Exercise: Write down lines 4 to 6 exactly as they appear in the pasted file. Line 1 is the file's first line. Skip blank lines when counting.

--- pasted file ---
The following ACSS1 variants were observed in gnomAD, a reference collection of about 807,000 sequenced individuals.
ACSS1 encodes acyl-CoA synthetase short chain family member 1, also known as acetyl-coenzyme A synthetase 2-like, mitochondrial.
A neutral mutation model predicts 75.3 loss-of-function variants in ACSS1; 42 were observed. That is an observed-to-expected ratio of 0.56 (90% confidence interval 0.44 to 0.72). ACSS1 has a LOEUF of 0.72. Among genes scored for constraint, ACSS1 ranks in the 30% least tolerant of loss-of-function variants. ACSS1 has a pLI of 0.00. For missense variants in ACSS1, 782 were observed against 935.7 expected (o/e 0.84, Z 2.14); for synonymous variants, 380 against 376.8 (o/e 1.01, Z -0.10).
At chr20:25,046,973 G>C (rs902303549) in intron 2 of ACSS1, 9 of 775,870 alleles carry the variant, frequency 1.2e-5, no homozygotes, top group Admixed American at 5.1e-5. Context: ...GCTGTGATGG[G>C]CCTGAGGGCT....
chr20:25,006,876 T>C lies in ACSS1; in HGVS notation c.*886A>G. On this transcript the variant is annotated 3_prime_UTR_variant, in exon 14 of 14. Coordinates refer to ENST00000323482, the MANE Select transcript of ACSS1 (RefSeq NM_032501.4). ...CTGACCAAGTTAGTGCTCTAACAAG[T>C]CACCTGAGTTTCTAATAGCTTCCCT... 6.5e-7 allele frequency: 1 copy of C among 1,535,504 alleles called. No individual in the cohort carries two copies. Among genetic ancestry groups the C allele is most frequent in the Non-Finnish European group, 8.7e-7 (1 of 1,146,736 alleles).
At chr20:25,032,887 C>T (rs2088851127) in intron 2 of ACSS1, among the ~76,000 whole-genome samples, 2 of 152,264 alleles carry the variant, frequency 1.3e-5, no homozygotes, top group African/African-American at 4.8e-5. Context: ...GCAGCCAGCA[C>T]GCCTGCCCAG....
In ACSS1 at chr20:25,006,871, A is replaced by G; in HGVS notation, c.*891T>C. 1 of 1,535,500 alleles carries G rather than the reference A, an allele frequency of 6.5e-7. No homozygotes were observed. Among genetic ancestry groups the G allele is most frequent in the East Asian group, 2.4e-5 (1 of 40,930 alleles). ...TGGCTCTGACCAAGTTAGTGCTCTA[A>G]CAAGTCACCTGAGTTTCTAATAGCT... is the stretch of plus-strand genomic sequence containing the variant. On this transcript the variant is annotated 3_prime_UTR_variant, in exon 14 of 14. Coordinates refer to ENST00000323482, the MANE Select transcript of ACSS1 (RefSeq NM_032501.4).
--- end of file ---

At chr20:25,046,973 G>C (rs902303549) in intron 2 of ACSS1, 9 of 775,870 alleles carry the variant, frequency 1.2e-5, no homozygotes, top group Admixed American at 5.1e-5. Context: ...GCTGTGATGG[G>C]CCTGAGGGCT....
chr20:25,006,876 T>C lies in ACSS1; in HGVS notation c.*886A>G. On this transcript the variant is annotated 3_prime_UTR_variant, in exon 14 of 14. Coordinates refer to ENST00000323482, the MANE Select transcript of ACSS1 (RefSeq NM_032501.4). ...CTGACCAAGTTAGTGCTCTAACAAG[T>C]CACCTGAGTTTCTAATAGCTTCCCT... 6.5e-7 allele frequency: 1 copy of C among 1,535,504 alleles called. No individual in the cohort carries two copies. Among genetic ancestry groups the C allele is most frequent in the Non-Finnish European group, 8.7e-7 (1 of 1,146,736 alleles).
At chr20:25,032,887 C>T (rs2088851127) in intron 2 of ACSS1, among the ~76,000 whole-genome samples, 2 of 152,264 alleles carry the variant, frequency 1.3e-5, no homozygotes, top group African/African-American at 4.8e-5. Context: ...GCAGCCAGCA[C>T]GCCTGCCCAG....